The Tesla Motors Model S electric car recently earned the highest possible rating of five stars in government crash tests.
But that announcement wasn't good enough for the image-conscious company and its charismatic founder, Elon Musk.
In fact, Tesla said Monday -- 11 days after the test results were announced -- that the Model S earned the highest crash test scores of any car ever tested.
"Of all vehicles tested, including every major make and model approved for sale in the United States, the Model S set a new record for the lowest likelihood of injury to occupants," Tesla said in its statement.
The National Highway Traffic Safety Administration's five-star safety rating system operates like the letter grade system used in classrooms in which any score above 90 is an A. While one student might get a 92 and another a 98; both would be A students.
Tesla is saying, essentially, that it got an A plus in NHTSA's crash tests. And it got the best A plus ever.
Tesla attributed its stellar performance partly to the lack of a gasoline engine under the hood, allowing the front end of the car to function as nothing but an enormous impact-absorbing "crush zone."
The Model S also outperformed other models in the government's side pole impact test that mimics a vehicle sliding sideways into a post or tree. This is one of the most dangerous types of impacts. The Model S did exceptionally well in this test because of aluminum rods placed in the side of the vehicle, Tesla said.
"A similar approach was used by the Apollo Lunar Lander," Tesla said in its statement.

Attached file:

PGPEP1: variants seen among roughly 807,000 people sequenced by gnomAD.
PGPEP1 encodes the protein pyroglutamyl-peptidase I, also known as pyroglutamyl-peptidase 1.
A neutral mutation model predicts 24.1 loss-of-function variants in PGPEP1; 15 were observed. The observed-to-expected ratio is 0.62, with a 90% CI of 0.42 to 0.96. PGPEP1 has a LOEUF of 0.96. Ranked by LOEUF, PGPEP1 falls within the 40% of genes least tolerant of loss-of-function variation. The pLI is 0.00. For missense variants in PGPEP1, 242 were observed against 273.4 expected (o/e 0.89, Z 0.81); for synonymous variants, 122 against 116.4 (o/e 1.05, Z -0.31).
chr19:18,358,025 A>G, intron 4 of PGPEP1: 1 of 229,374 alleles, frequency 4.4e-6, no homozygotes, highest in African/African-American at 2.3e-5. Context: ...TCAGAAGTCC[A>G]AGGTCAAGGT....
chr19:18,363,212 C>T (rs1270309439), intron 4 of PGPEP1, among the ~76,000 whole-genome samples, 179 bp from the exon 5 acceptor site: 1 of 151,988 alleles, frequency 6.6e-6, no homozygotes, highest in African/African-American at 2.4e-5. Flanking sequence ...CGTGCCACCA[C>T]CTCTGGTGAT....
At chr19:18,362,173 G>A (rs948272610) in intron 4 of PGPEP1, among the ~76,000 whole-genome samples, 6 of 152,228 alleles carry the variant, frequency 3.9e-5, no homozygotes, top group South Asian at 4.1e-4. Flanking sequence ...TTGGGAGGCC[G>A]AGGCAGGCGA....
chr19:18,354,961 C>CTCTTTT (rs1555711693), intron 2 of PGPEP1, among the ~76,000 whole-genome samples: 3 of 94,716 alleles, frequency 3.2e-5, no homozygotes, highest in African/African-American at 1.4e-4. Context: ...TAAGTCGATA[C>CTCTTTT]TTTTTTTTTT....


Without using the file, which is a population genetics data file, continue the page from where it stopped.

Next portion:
The Model S also outdid every other model in rollover resistance, Tesla said, "with the other top vehicles being approximately 50% worse." During separate independent testing, the Model S simply refused to turn over during even the hardest turns and "special means" were needed to get the car to flip, according to Tesla.
The reason the car is so stable, Tesla said, is that its large, flat battery is mounted in the floor of the car, creating a very low center of gravity.
As you might expect by now, the Model S also topped other cars in the roof crush test. In a independent validation of the Model S's roof crush strength, Tesla said, the car's roof was so strong that it broke the testing machine. In fact, according to Tesla, four fully loaded Model S sedans could be placed on top of a Model S without crushing the roof.
Tesla also pointed out that, so far, no Tesla batteries have ever caught fire even after high speed impacts.
"While this is statistically unlikely to remain the case long term, Tesla is unaware of any Model S or Roadster occupant fatalities in any car ever," the automaker said.